‘Call Us What We Carry’: An Unflinching Look at Our Society


Source: Amazon

Abby Edwards, Scoop Writer

Many of us know Amanda Gorman as the woman who spoke words drenched in honey and hope at the presidential inauguration of 2021. Gorman is most known for her poem, The Hill We Climb, that she read to the United States as the National Youth Poet Laureate. However, this was not her debut work. In fact, in 2015 she published a book of prose called The One for Whom Food Is Not Enough. Both her first novel and Call Us What We Carry center around very similar ideas. Oppression, race, feminism and Marginalization are commonly explored themes with Gorman. Her work for the black community has been ground breaking in terms of illuminating the world on the constant struggles of an African American in the United States.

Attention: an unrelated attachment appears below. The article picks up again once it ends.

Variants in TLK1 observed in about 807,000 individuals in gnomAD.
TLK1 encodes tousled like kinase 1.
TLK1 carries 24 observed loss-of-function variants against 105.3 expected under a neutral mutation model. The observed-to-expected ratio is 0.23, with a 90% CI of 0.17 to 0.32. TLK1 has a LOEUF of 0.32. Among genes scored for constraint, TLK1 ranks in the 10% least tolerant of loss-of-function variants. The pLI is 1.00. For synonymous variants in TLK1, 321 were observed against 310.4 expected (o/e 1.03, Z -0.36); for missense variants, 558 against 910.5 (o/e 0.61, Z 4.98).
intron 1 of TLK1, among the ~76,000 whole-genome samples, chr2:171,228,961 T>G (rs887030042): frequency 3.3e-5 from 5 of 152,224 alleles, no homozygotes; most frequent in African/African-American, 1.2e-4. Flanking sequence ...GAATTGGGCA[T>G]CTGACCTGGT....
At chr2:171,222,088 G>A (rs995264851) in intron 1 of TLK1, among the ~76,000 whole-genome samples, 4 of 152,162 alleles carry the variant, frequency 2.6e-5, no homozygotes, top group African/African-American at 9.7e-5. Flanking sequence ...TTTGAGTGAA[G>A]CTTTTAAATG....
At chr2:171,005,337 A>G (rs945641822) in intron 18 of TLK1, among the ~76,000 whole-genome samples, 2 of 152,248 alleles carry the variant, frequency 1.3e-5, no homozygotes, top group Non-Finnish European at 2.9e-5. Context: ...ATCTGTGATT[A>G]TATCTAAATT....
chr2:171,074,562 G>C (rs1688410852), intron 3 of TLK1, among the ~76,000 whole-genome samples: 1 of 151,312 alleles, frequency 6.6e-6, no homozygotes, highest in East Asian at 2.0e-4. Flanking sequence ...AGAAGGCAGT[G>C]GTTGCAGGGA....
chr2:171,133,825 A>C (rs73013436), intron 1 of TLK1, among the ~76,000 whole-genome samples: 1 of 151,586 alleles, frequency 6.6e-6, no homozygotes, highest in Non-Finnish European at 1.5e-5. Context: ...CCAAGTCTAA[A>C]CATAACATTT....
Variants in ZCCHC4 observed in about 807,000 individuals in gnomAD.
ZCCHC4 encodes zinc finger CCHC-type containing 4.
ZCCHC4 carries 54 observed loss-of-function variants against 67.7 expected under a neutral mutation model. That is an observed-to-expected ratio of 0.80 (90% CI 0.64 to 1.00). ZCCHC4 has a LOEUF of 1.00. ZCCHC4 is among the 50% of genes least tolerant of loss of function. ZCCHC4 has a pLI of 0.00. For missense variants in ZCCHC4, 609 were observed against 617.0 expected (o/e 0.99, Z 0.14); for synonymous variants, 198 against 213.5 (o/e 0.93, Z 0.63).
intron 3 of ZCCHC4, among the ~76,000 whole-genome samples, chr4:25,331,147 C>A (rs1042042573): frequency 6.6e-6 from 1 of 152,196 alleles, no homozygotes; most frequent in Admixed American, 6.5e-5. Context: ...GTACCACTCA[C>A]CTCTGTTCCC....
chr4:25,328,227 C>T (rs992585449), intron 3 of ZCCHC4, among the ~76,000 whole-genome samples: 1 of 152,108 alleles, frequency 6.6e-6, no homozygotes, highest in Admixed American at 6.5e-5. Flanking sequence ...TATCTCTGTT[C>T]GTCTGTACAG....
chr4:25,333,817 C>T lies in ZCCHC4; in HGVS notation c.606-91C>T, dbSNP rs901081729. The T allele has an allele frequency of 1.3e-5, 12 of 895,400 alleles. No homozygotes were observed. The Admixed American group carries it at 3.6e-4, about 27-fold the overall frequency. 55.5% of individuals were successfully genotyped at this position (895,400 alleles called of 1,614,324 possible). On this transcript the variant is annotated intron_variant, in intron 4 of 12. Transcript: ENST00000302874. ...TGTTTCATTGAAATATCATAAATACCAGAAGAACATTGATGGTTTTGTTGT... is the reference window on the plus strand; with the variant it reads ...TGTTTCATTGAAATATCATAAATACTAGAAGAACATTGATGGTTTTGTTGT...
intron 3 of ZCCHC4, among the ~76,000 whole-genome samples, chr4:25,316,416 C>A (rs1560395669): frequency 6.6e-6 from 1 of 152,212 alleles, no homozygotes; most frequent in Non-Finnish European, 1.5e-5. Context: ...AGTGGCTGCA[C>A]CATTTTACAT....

Once again, Amanda Gorman has astounded us with her poetry in her new novel Call Us What We Carry. Gorman’s prose is absolutely breathtaking, and her poetry is both digestible and wise in a way that I have never read before. I am of the opinion that this is a good book for those who don’t, or are just beginning to consume poetry. Call Us What We Carry is a reflection of life during quarantine, including brilliant and thoughtful analogies about oppression and black people’s struggles and wars throughout the years of the United State’s existence. The prose is both gorgeous, daunting and necessary. The reflections are scarily familiar to those we have faced, and by the time I had finished reading, it felt as though I had run a mile in heavy boots, exhausted, but exhilarated, bruised and breathing- Call Us What We Carry.